25 Wheel Challenge
8:24 PM, Thursday September 30th 2021
At first it was quite frustrating to use my small ellipse guide, but after a while I began to enjoy drawing those wheels. I feel I autopiloted those details more times that I would wish.
Starting with the construction aspect of these wheels, it's very common for students to initially feel limited and restricted by the ellipse guide - but honestly, once you get the hang of them they can be quite feasible, at least for what we ask of them here. Sure, it results in smaller wheels, but honestly you've done a great job here of not only laying out enough ellipses to achieve a nice, "inflated" structure (rather than just a simple stiff cylinder) but also in capturing the wide variety of rims/spokes across your wheels to considerable levels of detail.
I mean, they're all good, but some of them like 21 really stand out in terms of just how much you've been able to cram into such a small space.
That actually does bring me to one little concern - I can't help but feel that you may have been either working with a pen that was particularly thick, or that you were pressing a little hard as you drew. One of the most challenging things involved in working at such a small scale is simply that the thickness of our lines can be very difficult to work with, making it especially important that we both continue to work with the usual 0.5mm pen (which you may well be doing), and that we take care to control our pressure.
When using a tool like a ruler or an ellipse guide, it is easy to press harder than we intend to, so that may simply be what happened. Either way, reducing that thickness can help to alleviate some of the difficulties of working at such a small scale.
Now, the second part of this challenge is actually a bit of a trap. For most students hitting this stage in the course, it has been a very long time since they went through Lesson 2, and so many students have a tendency to forget about the principles of how to approach texture. And the tire treads we deal with here are, in the fact that they're made up of a lot of little forms that sit along the surface of a larger structure, just that: texture.
This means that our focus shifts to capturing the specific textural forms through implicit markmaking - that is, instead of outlining or drawing those forms themselves, we focus on understanding the manner in which those forms sit in space, and establish their relationships with their surroundings by drawing the shadows they cast.
Looking at your work, you have definitely fallen into the trap pretty hard, in that you relied quite heavily on explicitly outlining your textural forms rather than focusing on the shadows they'd cast. As a result, your tire treads did end up coming out to be quite dense and noisy, with no recourse for you to lighten them up. Meaning that if these wheels were part of a larger drawing, they would inevitably become their own focal points, drawing the viewer's attention instead of simply being supporting material.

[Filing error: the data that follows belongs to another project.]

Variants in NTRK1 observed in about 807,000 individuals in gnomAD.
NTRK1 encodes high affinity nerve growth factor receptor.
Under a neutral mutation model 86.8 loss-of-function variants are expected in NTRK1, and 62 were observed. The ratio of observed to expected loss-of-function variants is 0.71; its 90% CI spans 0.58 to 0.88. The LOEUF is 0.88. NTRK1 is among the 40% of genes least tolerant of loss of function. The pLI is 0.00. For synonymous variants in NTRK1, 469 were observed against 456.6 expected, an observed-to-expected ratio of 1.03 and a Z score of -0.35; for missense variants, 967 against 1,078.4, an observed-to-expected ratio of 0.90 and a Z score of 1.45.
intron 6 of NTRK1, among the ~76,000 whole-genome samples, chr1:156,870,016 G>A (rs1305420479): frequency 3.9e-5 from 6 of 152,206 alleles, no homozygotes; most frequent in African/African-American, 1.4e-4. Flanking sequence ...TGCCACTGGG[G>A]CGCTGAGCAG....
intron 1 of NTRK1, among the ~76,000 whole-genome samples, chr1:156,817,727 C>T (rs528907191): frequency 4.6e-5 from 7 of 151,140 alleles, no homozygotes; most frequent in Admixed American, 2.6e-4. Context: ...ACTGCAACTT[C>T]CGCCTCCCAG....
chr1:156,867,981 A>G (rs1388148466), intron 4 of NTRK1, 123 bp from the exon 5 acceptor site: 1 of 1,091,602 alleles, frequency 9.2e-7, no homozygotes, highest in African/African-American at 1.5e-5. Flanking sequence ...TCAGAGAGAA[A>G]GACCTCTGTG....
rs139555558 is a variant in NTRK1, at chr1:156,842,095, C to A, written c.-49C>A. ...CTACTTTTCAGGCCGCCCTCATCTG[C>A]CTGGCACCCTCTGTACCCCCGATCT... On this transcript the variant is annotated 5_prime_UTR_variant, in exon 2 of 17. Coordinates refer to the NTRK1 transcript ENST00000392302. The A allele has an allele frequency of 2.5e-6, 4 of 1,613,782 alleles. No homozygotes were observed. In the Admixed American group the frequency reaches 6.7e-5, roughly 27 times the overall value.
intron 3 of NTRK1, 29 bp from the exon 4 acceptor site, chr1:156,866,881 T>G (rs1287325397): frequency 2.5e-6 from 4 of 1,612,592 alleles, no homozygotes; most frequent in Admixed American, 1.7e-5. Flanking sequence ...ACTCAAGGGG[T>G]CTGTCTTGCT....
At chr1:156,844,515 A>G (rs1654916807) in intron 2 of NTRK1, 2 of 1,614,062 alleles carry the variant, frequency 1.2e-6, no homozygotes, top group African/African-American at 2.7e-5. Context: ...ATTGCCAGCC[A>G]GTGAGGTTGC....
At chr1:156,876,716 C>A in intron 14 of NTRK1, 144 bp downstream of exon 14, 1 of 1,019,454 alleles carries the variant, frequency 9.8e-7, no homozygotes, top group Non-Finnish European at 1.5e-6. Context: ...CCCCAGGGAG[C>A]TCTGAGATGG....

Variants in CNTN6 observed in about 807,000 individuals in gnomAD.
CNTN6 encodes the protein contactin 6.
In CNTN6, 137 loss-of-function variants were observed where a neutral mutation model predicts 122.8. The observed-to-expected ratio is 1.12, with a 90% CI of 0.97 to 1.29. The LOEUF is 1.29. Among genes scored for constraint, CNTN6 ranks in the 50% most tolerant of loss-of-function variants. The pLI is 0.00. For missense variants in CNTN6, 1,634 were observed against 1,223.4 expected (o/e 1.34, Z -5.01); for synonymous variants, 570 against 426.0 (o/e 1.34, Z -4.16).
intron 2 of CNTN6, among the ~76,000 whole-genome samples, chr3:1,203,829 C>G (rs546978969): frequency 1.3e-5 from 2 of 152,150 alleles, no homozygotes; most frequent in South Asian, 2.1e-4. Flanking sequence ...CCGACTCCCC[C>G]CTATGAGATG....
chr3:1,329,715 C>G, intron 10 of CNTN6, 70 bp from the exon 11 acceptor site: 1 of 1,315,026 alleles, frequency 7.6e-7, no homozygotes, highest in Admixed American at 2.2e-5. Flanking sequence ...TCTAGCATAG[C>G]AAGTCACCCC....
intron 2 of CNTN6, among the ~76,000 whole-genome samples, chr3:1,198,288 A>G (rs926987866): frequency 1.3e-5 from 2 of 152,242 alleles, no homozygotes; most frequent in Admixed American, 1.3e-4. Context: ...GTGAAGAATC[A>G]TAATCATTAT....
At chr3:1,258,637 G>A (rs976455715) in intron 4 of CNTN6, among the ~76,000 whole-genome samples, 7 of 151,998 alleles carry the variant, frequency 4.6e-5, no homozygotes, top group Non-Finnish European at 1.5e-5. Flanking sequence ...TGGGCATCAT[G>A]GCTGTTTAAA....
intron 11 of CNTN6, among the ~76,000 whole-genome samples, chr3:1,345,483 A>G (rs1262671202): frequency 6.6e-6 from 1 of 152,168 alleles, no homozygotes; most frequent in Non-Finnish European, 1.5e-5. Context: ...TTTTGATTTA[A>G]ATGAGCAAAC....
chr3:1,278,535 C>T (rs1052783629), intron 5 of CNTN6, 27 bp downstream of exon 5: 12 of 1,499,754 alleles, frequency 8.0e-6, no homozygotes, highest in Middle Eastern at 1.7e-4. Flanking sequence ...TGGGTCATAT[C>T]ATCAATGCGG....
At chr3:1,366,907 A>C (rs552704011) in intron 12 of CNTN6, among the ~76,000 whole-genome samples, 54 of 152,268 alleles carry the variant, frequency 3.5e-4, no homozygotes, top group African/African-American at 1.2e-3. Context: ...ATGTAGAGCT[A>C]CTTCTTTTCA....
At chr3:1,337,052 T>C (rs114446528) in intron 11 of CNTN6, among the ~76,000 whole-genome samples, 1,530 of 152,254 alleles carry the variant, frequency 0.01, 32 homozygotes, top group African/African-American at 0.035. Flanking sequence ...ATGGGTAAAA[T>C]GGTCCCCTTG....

In using cast shadows rather than outlines, we're given more control just how much ink is used to capture a specific element (and therefore how much contrast it produces and how much attention it draws), without changing the nature of what is being communicated. Meaning, we can still tell the viewer that a given surface is covered in textural forms, we just don't necessarily have to draw each and every one. A good way to illustrate this is with this example - not of a tire, but of a bush viper's scales. Note how we can control just how much light hits the surface, and therefore what kind of shadows those textural forms will cast.
Now one positive point is that the majority of your tire textures did recognize the individual forms that are arranged across the tire's surface, which is obviously a big step towards doing this correctly. It's just a matter of changing the way in which they're conveyed to the viewer. There is one however - number 22 - where instead of thinking of the tire tread texture as a series of textural forms, you instead treated it more as a pattern. In drawing criss-crossing lines, you're not capturing the actual interaction between distinct forms and the surfaces around them. Rather, it comes off more as a smooth surface that has stripes painted across it.
So! Obviously you fell in my little trap (as many people do), but that's pretty normal. You've still done a great job, there's simply some material you probably will want to revise before moving forwards. I'm still going to mark this challenge as complete, so you're free to move on.
Feel free to move onto lesson 7.
Thank you for your critique and I hope you are well,
I am working with a 0.5mm pen and I didnt feel like I was pressing my pen too hard. I was just making my marks with a normal pressure, but actually no. The pen that I used wouldn't give me full flow of the ink if I didn't press it slightly harder, since the tip is tilted a little. I dropped it probably someday by accident, so that may be the cause here or I just press the pen too hard normally.
Of course I fell into that trap haha, I thought I was in no need of revisiting the lesson 2 texture material and just did those textures with the belief I was in the right, but I wasn't. I will as you said revise that material before tackling the lesson 7.